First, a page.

My hour long talk entitled ‘How I Met Kylie Minogue‘ is the story of how I came to write this novel. Drop me a line if you’d fancy getting me along to your group, society, or ‘after dinner’ event. In the meantime…

TGGGTGTG sidebar

Hot news; my debut novel The Good Guy’s Guide To Getting The Girl is part of Amazon’s 99p Summer Book Promotion. Get my quirky, lad-lit, rom-com for less than a quid! But hurry – the promo is for July only!

The film will be along some time in the next decade.

Things That Matter : Guest Post by Della Galton

ice-drop-shadowAuthor Della Galton explains why she’s drawn to write about controversial subjects, and shares the motivation behind her latest novel ‘Ice and a Slice’

I’ve often wondered how we choose what we write. Do we choose to write short stories or novels because we love them, or do we just drift into the form? And what about the subject matter? Why do we choose that?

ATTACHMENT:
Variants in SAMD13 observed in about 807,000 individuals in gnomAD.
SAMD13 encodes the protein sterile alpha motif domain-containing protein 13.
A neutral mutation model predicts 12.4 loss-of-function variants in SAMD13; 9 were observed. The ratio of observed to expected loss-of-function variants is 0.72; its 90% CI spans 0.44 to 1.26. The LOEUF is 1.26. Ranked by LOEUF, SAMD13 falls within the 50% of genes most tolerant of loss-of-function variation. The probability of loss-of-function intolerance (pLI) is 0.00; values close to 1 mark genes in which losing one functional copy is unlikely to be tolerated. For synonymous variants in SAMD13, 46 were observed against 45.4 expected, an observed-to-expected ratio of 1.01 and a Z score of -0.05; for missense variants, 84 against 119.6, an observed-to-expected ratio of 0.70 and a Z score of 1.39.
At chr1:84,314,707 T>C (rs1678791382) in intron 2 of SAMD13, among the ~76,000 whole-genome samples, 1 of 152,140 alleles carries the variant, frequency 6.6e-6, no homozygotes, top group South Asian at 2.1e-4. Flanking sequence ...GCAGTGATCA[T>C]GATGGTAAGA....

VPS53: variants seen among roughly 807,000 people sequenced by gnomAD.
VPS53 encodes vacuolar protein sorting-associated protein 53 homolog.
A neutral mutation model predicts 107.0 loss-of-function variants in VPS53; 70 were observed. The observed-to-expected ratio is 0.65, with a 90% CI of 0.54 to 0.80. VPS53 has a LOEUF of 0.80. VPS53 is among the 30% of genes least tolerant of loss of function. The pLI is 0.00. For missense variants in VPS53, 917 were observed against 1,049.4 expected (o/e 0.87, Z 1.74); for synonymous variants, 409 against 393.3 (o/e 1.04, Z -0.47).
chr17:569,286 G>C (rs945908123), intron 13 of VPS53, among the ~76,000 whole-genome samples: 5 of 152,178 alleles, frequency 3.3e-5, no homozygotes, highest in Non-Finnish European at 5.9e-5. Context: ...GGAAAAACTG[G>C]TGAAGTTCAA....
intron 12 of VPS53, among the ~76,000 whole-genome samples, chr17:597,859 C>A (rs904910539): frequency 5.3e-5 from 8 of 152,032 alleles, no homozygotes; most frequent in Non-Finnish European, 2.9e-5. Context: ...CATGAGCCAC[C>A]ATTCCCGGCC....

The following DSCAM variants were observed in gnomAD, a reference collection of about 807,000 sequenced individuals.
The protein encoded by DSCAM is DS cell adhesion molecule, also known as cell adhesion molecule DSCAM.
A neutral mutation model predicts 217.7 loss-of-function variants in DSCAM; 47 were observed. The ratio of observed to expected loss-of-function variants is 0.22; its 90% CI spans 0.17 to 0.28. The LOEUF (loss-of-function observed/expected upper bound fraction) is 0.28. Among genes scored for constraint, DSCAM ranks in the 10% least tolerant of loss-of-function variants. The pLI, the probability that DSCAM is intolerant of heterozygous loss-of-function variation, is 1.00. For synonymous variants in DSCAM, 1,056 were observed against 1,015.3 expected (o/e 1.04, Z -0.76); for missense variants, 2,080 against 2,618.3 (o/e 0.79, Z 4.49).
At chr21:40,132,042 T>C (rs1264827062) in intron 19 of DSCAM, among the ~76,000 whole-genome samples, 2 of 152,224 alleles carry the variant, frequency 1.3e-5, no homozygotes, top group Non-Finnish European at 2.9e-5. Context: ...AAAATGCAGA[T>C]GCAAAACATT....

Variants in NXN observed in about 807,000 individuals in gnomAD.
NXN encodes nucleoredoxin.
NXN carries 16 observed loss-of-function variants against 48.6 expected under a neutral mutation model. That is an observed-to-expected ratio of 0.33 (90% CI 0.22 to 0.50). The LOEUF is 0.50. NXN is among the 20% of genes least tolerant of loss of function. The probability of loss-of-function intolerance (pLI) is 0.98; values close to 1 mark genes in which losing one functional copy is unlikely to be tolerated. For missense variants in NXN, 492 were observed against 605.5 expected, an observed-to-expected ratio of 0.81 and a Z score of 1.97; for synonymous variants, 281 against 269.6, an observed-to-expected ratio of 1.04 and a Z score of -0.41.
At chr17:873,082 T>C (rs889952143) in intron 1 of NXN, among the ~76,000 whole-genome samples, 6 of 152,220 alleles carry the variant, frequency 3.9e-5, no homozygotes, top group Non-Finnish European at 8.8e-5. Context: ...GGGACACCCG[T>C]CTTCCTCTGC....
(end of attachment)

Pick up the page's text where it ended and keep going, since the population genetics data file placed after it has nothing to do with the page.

The first short story I ever had published was called Second Chance, and it was published in a teenage confession magazine called Loving (I wish that magazine was still around, it was excellent).

Second Chance was set in a doctor’s surgery, and it was all about a teenager who was planning to have a termination – blimey, I don’t think I’d sell that story now – it’s quite a controversial issue, even today. But then I’ve always liked writing about controversial issues. I don’t have a copy of Second Chance any more but I can remember the last line, which went something like this:

Throughout her life she would give her baby many second chances, but none of them would be as important as the one she was giving him now…